Seventy-Three-year-old Gloria Allen Chicago’s trans icon said those words long before most of us were born. And she’s saying it again today in her 2020 Documentary “Mama Gloria.”
Gloria Allen grew up in Chicago’s south side and began transitioning at the age of 15 in 1958.
Her director Luchina Fisher observed that during those times trans people of color had a life expectancy of just forty years.
Tragically that hasn’t changed much to this day, R.I.P. Real Eshay murdered on the southside Christmas day.
So how do we address not only our grief but advance our right to live without fear?
Mama Gloria can show us the way.
Gloria Allen will be awarded the SAGE Advocacy Award for Excellence in Leadership on Aging Issues at the 33rd annual LGBTQ Task Force Creating Change Conference in Chicago. This year for the first time the ‘creating change’ will be held virtually from 28-31, January 2021.
Of Note: KIERRA JOHNSON has been selected as the TASK FORCE’S next Executive Director. As a bisexual Black woman, Johnson will become one of few out queer-identified women of color at the helm of a national LGBTQ organization. Johnson will begin her tenure in February 2020.
Having grown up in Chicago, immersed in the drag ball scene of the city’s South Side, Allen went on to found and run a charm school for homeless transgender youth at Chicago’s Center on Halsted, reports the Windy City Times.
Her work and life at the charm school has been adapted in the play “Charm”, which first premiered at the Steppenwolf Garage Theater on North Halstead before making runs in Minneapolis, Washington, D.C., Los Angeles, and New York.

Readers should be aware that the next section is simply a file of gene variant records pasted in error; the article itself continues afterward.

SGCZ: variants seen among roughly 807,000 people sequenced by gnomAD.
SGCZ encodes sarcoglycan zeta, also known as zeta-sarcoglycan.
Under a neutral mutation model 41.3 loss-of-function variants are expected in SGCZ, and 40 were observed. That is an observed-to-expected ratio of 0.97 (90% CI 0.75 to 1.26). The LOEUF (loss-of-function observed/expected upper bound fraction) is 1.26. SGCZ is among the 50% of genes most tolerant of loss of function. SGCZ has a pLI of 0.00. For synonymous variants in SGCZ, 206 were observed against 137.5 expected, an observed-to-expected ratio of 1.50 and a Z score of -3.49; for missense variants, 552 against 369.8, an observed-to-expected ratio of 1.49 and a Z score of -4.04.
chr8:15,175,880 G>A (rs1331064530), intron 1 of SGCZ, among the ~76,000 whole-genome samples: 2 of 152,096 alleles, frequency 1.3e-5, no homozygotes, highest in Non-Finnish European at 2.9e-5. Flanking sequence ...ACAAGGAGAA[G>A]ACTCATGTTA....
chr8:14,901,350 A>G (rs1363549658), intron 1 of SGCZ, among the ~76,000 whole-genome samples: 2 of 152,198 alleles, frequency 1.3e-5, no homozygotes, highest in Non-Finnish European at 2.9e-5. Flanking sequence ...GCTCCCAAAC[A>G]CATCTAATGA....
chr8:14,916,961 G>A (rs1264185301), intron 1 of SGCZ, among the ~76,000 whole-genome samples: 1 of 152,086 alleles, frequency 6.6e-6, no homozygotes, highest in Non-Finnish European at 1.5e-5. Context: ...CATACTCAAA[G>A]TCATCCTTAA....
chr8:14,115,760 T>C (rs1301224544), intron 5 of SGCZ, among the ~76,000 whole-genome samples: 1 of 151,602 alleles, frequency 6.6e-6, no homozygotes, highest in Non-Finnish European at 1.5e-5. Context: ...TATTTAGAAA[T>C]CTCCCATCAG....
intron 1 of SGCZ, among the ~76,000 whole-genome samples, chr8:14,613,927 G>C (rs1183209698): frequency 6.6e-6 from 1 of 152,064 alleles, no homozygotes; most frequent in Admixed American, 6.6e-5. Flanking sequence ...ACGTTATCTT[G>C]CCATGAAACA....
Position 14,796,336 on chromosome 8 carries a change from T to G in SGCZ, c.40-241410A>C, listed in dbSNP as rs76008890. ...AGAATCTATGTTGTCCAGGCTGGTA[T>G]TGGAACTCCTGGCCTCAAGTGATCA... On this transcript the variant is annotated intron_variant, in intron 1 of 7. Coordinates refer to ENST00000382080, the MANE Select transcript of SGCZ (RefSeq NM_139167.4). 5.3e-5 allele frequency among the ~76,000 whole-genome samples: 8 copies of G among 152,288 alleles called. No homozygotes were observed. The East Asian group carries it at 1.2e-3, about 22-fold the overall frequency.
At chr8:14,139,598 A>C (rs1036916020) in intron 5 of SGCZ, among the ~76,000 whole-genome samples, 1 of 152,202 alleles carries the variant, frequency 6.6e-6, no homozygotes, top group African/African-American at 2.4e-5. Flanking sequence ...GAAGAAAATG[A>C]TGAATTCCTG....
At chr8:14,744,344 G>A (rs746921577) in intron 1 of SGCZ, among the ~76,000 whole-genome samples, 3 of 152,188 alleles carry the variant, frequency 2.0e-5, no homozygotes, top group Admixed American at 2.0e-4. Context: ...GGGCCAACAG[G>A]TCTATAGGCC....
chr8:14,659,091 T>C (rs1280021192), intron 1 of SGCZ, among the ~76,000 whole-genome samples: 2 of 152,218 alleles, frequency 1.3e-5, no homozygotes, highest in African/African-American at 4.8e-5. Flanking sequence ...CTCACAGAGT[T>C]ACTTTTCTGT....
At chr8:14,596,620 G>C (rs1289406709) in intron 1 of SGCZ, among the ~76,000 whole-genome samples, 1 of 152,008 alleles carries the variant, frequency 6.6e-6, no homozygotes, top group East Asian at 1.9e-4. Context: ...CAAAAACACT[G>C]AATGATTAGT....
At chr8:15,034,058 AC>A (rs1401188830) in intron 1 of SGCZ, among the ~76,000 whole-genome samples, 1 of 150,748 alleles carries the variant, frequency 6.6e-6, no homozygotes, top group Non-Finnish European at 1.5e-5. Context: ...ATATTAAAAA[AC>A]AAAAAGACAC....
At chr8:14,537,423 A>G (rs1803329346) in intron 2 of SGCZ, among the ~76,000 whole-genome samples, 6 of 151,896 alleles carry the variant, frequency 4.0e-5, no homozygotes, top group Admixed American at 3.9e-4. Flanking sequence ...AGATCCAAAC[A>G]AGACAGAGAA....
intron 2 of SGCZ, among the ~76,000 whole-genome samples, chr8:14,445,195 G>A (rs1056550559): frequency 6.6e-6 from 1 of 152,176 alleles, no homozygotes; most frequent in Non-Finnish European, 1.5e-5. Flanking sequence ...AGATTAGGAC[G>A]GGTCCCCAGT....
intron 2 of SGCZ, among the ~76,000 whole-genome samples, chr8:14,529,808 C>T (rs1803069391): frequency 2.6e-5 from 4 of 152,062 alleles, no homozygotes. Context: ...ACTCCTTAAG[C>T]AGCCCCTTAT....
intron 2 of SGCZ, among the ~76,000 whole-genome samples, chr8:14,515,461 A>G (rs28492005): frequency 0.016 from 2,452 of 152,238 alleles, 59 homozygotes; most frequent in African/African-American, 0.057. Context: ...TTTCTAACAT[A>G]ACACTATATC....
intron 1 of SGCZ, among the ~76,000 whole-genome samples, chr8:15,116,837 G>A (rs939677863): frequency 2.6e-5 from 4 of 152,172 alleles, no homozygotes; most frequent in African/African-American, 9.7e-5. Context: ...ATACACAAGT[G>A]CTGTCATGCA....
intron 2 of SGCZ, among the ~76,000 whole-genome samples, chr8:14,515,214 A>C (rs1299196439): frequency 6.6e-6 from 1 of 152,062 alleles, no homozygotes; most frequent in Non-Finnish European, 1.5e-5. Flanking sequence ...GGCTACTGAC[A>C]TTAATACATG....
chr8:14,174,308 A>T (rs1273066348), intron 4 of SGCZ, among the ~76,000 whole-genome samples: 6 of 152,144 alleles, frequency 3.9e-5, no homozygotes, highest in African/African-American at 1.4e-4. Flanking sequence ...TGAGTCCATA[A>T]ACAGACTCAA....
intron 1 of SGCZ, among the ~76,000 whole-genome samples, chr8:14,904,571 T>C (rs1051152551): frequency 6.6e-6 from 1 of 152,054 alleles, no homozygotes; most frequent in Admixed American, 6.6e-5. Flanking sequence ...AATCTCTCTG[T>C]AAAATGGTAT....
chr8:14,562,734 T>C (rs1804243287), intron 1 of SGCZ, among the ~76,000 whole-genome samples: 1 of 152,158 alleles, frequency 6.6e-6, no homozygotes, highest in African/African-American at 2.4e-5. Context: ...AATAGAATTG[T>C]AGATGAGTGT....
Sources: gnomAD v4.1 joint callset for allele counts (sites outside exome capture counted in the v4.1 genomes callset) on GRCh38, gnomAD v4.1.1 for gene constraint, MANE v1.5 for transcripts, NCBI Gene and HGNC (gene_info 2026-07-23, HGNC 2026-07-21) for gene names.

Now retired from a career as a licensed practical nurse, Allen continues to speak to youth and others about the transgender community.
At least 61 trans people have lost their lives in the USA this year, more than ever before. That’s more than a person every week simply for being transgender. And of those, 44 were trans people of color according to tdor.translivesmatter.info
We say “at least” because it has become increasingly difficult to ascertain where a person self-identifies within our LGBTQI community after they have passed. The politicization of trans issues by the Trump administration has resulted in stigmatization to a scale never seen before.
Police are routinely misgendering and deadnaming trans victims in reports to mainstream media. To top it off, the largest gay rights organization, HRC and GLAAD which mainstream media use as their source, are not communicating with or respecting the few remaining transgender news sites.
“At a time when black transgender women in America have an average life expectancy of under 40, Gloria Allen’s life and story is not only inspiring but seldom seen. The 73-year-old grew up in the 1950s and 60s amid the celebrated “sissy” balls on Chicago’s South Side and transitioned after high school with the support of the women in her family – her mother Alma, a former showgirl and Jet centerfold who taught her about makeup; her grandmother Mildred, a seamstress who designed clothes for her; and her Great Aunt Fannie, a former “house” slave who taught her etiquette.”
“An intimate portrait of aging, the film captures Gloria’s life now, as she dines with fellow residents in her LGBTQ-friendly senior apartment building; turns losing her front tooth into a joke during her stand-up routine at Second City’s comedy training center; attends her 53rd high school class reunion and reunites with her prom date; returns to the neighborhood church where she once sang in the boys choir; connects with her former charm school students and other young people; and confesses that she’s afraid of dying alone while searching for a man to spend the rest of her life with. The film also features rarely seen archival images of Chicago’s Bronzeville neighborhood nightlife and drag balls.”
Director/writer/producer – Luchina Fisher mamagloriafilm.com.